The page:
That means that the connection between Azure and your premises has to be active. That means that there are no network errors or any other kind of downtime on your premises that's going to bring your public cloud applications down as well. So that is an alternative way of doing this, which is called pass-through authentication. The third way of doing identity management in the cloud in a hybrid fashion is called federation. So federation is the concept of basically delegating your identity to a third party. So we could, for instance, say you have multiple offices and they each have their own authentication methods. So basically, a person tries to log in, and the domain that they're logging in with is not what your primary Active Directory domain is. And so that means we need to know, well, who is the federation server for this domain. And so again, as we can see in this diagram, the sign-in gets redirected to what's called a "proxy," and the proxy then has a connection to a federation server, which does the sign-in.
Now, when we were talking about cloud models such as Google, LinkedIn, or even Microsoft itself, that's kind of a federation model where that authentication is being done by a third party. And so you can set this up so that it's being done by a partner. So let's say you have a trusted partnership with a third-party company, then you can use federation authentication to verify their users with their Active Directory or other authentication server. Now, single sign-on, as we know, is just the concept of using the same credentials in the cloud that you use on premises. And when your password changes in the cloud, then that's automatically reflected in the cloud. And we get that through password hash synchronisation and pass-through authentication. But the seamless nature of single sign-on is that you don't even have to log in because it's already identified that you are an authenticated user on your local machine, and your credentials are passed to the cloud, where we recognise them as valid.
And so that's a seamless single sign-on. And so what this requires, of course, is that we can't use traditional on-premises authentication methods like LDAP through the Internet. We need internet-friendly protocols, and one of those is what's called a "Radius Server." We're not going to demonstrate installing a Radius server in this course, but it is a big concept where if you need to have corporate desktop users' credentials recognised in the cloud, then you need a way of passing those credentials in an internet-friendly manner, and that would be through a Radius server. Now, the last concept that we'll talk about is monitoring this whole setup, because we already identified that as one of the top security concerns.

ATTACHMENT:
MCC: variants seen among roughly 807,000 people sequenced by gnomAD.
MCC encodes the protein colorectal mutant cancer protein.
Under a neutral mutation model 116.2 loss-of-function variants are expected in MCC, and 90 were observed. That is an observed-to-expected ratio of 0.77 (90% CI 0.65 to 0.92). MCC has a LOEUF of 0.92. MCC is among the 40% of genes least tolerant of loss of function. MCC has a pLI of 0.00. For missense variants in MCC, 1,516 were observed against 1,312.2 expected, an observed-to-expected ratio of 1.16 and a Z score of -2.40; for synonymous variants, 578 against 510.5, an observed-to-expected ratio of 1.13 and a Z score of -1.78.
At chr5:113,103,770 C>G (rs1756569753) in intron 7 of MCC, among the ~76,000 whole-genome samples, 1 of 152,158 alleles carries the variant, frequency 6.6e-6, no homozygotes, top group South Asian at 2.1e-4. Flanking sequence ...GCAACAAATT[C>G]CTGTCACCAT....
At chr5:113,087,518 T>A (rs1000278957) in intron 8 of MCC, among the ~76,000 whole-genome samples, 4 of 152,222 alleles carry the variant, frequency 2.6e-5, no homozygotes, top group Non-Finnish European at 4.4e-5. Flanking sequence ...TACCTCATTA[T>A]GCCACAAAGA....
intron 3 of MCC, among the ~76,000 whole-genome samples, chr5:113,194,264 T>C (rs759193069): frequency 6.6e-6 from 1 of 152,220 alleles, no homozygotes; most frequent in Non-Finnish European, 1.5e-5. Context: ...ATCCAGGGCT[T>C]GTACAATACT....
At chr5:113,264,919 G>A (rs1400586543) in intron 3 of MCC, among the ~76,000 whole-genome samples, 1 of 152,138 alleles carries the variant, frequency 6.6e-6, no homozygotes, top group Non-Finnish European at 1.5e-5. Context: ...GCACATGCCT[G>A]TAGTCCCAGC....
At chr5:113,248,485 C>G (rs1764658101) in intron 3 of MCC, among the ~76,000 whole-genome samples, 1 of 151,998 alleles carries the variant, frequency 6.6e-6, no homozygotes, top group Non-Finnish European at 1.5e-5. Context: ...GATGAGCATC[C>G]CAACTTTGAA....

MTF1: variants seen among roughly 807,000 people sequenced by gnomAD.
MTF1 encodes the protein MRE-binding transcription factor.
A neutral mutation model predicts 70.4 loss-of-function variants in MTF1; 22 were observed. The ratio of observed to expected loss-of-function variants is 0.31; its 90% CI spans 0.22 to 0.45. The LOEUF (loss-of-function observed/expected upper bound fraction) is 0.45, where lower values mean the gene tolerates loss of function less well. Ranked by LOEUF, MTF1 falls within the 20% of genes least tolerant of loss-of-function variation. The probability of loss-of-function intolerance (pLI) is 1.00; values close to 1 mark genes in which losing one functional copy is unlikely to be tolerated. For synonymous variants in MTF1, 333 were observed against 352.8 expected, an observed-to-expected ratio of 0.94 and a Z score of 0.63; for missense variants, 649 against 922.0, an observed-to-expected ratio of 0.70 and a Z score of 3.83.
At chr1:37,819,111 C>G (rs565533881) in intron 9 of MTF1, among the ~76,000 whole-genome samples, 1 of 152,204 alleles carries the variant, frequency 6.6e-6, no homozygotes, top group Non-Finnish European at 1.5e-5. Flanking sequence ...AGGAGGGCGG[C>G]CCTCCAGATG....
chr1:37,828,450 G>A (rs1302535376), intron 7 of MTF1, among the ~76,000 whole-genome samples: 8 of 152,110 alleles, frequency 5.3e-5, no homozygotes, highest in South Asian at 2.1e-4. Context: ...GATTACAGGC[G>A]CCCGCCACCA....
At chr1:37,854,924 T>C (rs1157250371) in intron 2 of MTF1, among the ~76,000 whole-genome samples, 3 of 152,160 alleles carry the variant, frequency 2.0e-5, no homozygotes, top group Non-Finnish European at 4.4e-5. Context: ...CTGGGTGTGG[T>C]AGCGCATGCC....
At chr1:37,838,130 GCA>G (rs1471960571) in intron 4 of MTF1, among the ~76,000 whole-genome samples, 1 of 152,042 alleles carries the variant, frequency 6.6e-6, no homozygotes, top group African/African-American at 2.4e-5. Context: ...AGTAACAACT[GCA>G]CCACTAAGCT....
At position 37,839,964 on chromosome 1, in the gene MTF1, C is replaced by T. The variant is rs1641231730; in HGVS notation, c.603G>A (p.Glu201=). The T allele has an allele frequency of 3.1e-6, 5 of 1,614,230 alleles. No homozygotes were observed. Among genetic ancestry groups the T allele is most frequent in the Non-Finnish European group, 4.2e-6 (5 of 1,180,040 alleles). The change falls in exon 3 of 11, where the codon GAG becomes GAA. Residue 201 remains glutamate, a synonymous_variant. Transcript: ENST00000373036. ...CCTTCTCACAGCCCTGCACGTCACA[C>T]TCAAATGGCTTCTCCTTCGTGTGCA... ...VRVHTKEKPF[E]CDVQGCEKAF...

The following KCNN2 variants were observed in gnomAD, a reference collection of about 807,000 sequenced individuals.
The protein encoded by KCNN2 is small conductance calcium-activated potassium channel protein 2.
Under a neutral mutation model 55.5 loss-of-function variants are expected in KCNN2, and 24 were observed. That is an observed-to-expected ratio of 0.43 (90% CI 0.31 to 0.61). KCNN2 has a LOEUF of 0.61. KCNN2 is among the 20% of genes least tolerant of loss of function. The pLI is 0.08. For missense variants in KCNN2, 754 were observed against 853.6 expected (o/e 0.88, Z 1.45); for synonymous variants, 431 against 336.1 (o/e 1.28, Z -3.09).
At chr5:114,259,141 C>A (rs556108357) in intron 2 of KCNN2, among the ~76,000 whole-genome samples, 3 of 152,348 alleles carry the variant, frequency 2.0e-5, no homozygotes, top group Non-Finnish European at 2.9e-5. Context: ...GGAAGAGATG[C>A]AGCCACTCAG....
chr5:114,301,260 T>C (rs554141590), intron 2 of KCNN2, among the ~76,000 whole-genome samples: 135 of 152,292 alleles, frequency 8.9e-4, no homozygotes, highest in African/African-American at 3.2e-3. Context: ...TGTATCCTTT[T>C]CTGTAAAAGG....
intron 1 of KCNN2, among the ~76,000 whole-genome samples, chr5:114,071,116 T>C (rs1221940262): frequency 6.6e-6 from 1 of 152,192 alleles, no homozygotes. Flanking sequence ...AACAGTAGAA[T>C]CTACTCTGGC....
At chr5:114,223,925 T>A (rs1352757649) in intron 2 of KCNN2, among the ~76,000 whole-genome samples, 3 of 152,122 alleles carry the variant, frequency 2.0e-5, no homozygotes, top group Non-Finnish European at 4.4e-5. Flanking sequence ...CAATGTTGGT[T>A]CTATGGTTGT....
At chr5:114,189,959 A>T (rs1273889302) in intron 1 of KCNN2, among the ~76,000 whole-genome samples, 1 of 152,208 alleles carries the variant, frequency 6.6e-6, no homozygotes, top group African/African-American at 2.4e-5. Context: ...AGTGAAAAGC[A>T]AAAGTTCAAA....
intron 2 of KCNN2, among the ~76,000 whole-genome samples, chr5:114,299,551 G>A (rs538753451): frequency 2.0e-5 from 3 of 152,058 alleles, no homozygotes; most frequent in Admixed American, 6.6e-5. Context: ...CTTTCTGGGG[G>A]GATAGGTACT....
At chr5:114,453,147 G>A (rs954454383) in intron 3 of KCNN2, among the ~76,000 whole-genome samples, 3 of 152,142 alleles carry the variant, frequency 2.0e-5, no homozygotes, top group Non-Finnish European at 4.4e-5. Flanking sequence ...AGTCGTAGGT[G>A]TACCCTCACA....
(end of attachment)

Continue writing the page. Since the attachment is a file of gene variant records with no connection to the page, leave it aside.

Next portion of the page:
Now, one thing you don't want is for Auser, who left the company three months ago, to still be able to access their credentials in the cloud because the synchronisation is broken. And so the synchronisation does introduce another vector for attack. And so making sure that that connection is up and notifying people when it isn't is going to be a relatively big factor. And so there's a tool called AAD Connect Health. So AAD Connect is the software that synchronises your on-premises ad with the cloud, and AAD Connect Health is what's going to monitor that connection, make sure that the connection is healthy, and set up a basic alert feature when something is not working. So let's say your synchronisation failed for the last 2 hours. Well, somebody needs to be notified about that. And so you can basically set up Ad Connect Health. Now, since Ad Connect Health is something that's running within the cloud, you can basically set various permissions without using role-based access control, and your administrators and other people in the team can be notified and go in there and see what those types of errors are.
Now, you are going to need various licenses. We're going to see this as a recurring theme in this course and in this exam: what is the licence required? So basic password synchronisation comes with AdConnect and does not require a premium license. When you need Federation Services, you're going to need a P1 license. And those health agents for Ad ConnectSync Health are also requiring licenses. And the last topic of this section has to do with where you're going to find errors, and so various attributes do basically raise certain errors. And so when you're basically doing synchronization, you might find that an identity already exists in the cloud; for instance, the user principal name might already exist. And so it says the attribute must be unique, depending on the type of error you're going to get. You're going to have federation errors with proxies, and so those values are required. You can only have one synchronisation to the single proxy, and the premises security identifier also must be unique. And so these are the types of errors that you're going to see in error logs when you do these synchronizations. So let's demonstrate setting up an Azure Active Directory connection synchronisation and see what that's about.